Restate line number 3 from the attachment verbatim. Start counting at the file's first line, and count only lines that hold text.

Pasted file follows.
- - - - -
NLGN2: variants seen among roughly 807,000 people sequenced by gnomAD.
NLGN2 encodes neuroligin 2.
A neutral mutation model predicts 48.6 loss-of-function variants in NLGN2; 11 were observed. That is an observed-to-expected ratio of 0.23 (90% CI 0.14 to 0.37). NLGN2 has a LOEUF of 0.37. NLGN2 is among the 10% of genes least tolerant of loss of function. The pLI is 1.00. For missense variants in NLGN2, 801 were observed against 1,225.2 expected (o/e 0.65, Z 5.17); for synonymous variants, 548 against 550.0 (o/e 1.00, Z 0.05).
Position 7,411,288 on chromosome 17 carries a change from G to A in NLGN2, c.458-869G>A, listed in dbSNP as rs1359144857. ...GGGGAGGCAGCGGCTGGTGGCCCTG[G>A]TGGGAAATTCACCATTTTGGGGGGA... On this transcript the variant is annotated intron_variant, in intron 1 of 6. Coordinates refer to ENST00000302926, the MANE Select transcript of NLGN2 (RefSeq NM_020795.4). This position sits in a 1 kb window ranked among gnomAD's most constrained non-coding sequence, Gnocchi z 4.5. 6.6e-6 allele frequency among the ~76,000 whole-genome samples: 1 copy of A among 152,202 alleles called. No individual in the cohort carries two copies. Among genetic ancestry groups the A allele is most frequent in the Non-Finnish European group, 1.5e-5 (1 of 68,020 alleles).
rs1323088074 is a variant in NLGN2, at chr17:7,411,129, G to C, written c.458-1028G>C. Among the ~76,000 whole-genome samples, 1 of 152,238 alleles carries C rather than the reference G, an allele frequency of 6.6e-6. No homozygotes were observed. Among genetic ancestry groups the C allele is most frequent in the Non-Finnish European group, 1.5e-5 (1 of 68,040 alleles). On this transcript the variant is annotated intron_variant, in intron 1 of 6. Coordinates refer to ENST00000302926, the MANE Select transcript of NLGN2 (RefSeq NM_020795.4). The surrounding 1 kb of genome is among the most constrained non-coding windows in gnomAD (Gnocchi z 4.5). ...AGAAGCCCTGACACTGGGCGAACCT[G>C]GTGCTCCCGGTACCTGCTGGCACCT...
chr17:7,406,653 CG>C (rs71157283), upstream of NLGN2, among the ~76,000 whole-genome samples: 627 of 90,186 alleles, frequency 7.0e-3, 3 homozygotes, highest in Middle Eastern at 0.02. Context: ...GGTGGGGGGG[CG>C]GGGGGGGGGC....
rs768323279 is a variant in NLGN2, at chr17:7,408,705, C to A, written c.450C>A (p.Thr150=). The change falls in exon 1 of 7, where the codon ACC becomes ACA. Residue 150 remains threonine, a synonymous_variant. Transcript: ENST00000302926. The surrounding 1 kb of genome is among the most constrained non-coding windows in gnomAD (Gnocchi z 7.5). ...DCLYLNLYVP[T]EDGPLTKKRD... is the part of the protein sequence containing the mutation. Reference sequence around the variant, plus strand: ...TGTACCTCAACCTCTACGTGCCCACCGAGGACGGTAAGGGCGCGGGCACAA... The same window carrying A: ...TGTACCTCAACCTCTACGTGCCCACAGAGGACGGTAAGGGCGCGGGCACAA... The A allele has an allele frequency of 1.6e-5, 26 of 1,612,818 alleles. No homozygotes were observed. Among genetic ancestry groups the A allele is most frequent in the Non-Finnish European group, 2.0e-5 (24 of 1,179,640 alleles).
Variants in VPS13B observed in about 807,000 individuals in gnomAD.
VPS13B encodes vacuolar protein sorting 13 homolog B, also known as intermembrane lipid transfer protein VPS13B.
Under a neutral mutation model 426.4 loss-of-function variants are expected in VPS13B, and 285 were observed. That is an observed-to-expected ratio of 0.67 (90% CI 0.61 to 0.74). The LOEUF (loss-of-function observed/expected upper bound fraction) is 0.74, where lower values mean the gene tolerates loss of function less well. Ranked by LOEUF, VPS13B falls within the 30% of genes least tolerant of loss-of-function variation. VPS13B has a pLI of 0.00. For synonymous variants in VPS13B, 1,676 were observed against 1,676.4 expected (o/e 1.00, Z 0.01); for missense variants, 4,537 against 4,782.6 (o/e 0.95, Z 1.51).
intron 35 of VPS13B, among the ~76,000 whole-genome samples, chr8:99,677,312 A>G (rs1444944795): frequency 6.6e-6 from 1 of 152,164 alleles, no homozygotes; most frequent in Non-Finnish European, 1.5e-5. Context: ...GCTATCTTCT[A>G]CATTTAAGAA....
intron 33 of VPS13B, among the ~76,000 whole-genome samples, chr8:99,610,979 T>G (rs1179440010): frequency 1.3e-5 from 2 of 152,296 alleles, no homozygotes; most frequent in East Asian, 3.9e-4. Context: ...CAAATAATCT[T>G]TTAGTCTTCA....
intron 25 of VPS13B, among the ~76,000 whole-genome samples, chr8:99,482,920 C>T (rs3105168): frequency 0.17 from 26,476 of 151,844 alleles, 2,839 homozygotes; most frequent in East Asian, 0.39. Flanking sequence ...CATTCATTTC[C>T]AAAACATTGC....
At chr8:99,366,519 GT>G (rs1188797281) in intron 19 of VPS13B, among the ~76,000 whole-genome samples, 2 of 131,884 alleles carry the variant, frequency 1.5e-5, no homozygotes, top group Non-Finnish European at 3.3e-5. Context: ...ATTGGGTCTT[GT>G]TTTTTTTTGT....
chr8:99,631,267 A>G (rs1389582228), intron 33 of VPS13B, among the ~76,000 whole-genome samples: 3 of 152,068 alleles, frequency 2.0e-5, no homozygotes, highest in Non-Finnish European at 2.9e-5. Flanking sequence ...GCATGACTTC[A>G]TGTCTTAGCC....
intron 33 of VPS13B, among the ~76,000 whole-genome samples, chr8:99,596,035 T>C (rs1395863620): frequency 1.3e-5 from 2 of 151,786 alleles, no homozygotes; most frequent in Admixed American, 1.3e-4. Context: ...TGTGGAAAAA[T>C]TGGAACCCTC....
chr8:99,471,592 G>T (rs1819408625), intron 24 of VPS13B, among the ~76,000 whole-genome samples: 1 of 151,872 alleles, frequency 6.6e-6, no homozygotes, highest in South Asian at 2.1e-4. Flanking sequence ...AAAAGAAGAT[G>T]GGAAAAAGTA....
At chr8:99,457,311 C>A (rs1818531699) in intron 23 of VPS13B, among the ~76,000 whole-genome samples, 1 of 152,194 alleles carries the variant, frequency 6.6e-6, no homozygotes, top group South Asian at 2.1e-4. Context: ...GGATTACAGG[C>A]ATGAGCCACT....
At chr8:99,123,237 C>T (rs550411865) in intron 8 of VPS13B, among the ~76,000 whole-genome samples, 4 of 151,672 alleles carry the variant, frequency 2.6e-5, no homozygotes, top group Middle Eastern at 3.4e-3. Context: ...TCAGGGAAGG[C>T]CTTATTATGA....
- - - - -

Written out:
A neutral mutation model predicts 48.6 loss-of-function variants in NLGN2; 11 were observed. That is an observed-to-expected ratio of 0.23 (90% CI 0.14 to 0.37). NLGN2 has a LOEUF of 0.37. NLGN2 is among the 10% of genes least tolerant of loss of function. The pLI is 1.00. For missense variants in NLGN2, 801 were observed against 1,225.2 expected (o/e 0.65, Z 5.17); for synonymous variants, 548 against 550.0 (o/e 1.00, Z 0.05).